Accustomed to North Korea escapees, South Korea enacts law to aid refugees writes Steven Borowiec for Asia Sentinel
Near South Korea’s main international airport, the national government is constructing a type of building never seen before in this country — a large complex capable of accommodating more than 1,000 refugee applicants.
As South Korea becomes more developed and better-known, with its TV shows and pop music appreciated around the world, the country is receiving more refugee applicants, and the government is still figuring out how to handle them. South Korea also receives many escapees from North Korea — more than 1,000 per year in the past, which complicates relations with Pyongyang and Beijing.
Between 1994 and 2003, South Korea received only 251 refugee applications from non-North Koreans. That number jumped to 1,143 in 2012 — with Pakistan, Sri Lanka and Nepal being the three most common countries of origin. A fairly low portion of those applicants is being accepted: Between 1994 and 2003, 14 were accepted; 60 applications were successful in 2012. In contrast, fewer North Koreans are arriving in Seoul nowadays. After increasing steadily for years, the number of defectors went down sharply in 2012, the lowest level in seven years, believed to be because leader Kim Jong Un has tightened border security.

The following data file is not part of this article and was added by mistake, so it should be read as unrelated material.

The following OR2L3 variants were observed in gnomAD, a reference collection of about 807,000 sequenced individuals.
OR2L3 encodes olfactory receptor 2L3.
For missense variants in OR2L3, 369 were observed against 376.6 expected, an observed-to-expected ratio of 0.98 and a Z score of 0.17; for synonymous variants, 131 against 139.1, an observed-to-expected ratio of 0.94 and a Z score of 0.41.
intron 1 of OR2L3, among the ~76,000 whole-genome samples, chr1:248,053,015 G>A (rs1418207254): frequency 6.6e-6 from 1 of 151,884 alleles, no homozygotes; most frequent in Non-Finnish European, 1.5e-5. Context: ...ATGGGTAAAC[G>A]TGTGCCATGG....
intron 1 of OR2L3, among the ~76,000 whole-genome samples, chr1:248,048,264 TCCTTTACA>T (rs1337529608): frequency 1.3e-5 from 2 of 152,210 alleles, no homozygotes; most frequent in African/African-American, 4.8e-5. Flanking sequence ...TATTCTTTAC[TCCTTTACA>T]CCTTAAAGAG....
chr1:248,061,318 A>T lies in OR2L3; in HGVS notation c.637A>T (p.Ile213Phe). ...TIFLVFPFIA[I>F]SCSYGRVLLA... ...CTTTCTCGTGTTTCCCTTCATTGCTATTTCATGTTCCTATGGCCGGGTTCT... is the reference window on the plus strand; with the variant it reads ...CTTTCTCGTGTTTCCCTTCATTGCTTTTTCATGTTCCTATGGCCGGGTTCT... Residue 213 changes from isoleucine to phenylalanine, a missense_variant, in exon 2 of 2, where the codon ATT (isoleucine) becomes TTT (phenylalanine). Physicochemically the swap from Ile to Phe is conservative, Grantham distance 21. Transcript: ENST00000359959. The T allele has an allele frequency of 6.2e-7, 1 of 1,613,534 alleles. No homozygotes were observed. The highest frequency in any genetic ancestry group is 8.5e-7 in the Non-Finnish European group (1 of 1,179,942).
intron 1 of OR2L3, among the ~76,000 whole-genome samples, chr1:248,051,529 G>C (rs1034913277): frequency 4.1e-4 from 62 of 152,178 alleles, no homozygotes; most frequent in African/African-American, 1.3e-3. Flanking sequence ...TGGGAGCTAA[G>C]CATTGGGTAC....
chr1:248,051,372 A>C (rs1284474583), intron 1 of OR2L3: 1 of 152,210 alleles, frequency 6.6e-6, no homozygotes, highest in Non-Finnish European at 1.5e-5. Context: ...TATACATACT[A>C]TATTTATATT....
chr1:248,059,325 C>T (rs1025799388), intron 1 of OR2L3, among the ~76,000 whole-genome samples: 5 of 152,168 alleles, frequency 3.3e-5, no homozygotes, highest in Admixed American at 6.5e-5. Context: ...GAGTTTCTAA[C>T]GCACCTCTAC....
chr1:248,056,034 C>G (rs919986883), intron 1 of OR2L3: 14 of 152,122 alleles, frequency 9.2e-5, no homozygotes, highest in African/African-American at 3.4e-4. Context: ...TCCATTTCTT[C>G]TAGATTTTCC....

As a country that thinks of itself as ethnically homogeneous, South Korea doesn’t have a strong culture of welcoming outsiders, but as a developed power, it has signed international agreements and enacted its own law that promises fair treatment for refugees and acceptance of applicants deemed to be deserving.
South Korea became the first country in East Asia to enact its own refugee law when last year it passed its Refugee Act, which took effect July 1. The act details the process for refugee status application and processing, as well as criteria for acceptance. It stipulates the provision of assistance for applicants, including translation services. The law was enacted partly in response to pressure from civic groups who argued that refugee applicants did not have a fair chance to make their case for staying in South Korea, often lacking consultation on how to navigate the country’s legal system.
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